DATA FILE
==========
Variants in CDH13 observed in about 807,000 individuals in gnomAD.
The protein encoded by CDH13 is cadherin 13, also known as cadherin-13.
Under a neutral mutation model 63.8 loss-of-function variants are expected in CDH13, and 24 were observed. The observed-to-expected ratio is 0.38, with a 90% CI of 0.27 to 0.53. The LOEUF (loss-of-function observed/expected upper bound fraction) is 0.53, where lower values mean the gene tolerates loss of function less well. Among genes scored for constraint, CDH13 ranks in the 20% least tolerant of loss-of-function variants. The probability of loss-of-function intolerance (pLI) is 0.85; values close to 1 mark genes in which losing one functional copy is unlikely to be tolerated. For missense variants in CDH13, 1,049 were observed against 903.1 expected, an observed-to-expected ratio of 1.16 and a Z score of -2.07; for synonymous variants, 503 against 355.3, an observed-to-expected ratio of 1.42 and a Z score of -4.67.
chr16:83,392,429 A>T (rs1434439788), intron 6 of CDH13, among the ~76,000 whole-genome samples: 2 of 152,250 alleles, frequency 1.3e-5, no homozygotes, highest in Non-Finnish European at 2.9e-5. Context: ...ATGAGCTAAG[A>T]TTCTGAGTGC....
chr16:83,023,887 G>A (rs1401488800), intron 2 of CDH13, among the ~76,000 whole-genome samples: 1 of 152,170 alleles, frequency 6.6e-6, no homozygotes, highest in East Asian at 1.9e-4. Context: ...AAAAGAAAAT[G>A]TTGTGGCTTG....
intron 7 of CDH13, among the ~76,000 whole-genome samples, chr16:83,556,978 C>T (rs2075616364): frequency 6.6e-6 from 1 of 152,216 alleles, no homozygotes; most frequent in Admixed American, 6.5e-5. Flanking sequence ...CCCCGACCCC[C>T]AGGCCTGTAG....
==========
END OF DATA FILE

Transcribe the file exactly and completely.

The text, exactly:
Variants in CDH13 observed in about 807,000 individuals in gnomAD.
The protein encoded by CDH13 is cadherin 13, also known as cadherin-13.
Under a neutral mutation model 63.8 loss-of-function variants are expected in CDH13, and 24 were observed. The observed-to-expected ratio is 0.38, with a 90% CI of 0.27 to 0.53. The LOEUF (loss-of-function observed/expected upper bound fraction) is 0.53, where lower values mean the gene tolerates loss of function less well. Among genes scored for constraint, CDH13 ranks in the 20% least tolerant of loss-of-function variants. The probability of loss-of-function intolerance (pLI) is 0.85; values close to 1 mark genes in which losing one functional copy is unlikely to be tolerated. For missense variants in CDH13, 1,049 were observed against 903.1 expected, an observed-to-expected ratio of 1.16 and a Z score of -2.07; for synonymous variants, 503 against 355.3, an observed-to-expected ratio of 1.42 and a Z score of -4.67.
chr16:83,392,429 A>T (rs1434439788), intron 6 of CDH13, among the ~76,000 whole-genome samples: 2 of 152,250 alleles, frequency 1.3e-5, no homozygotes, highest in Non-Finnish European at 2.9e-5. Context: ...ATGAGCTAAG[A>T]TTCTGAGTGC....
chr16:83,023,887 G>A (rs1401488800), intron 2 of CDH13, among the ~76,000 whole-genome samples: 1 of 152,170 alleles, frequency 6.6e-6, no homozygotes, highest in East Asian at 1.9e-4. Context: ...AAAAGAAAAT[G>A]TTGTGGCTTG....
intron 7 of CDH13, among the ~76,000 whole-genome samples, chr16:83,556,978 C>T (rs2075616364): frequency 6.6e-6 from 1 of 152,216 alleles, no homozygotes; most frequent in Admixed American, 6.5e-5. Flanking sequence ...CCCCGACCCC[C>T]AGGCCTGTAG....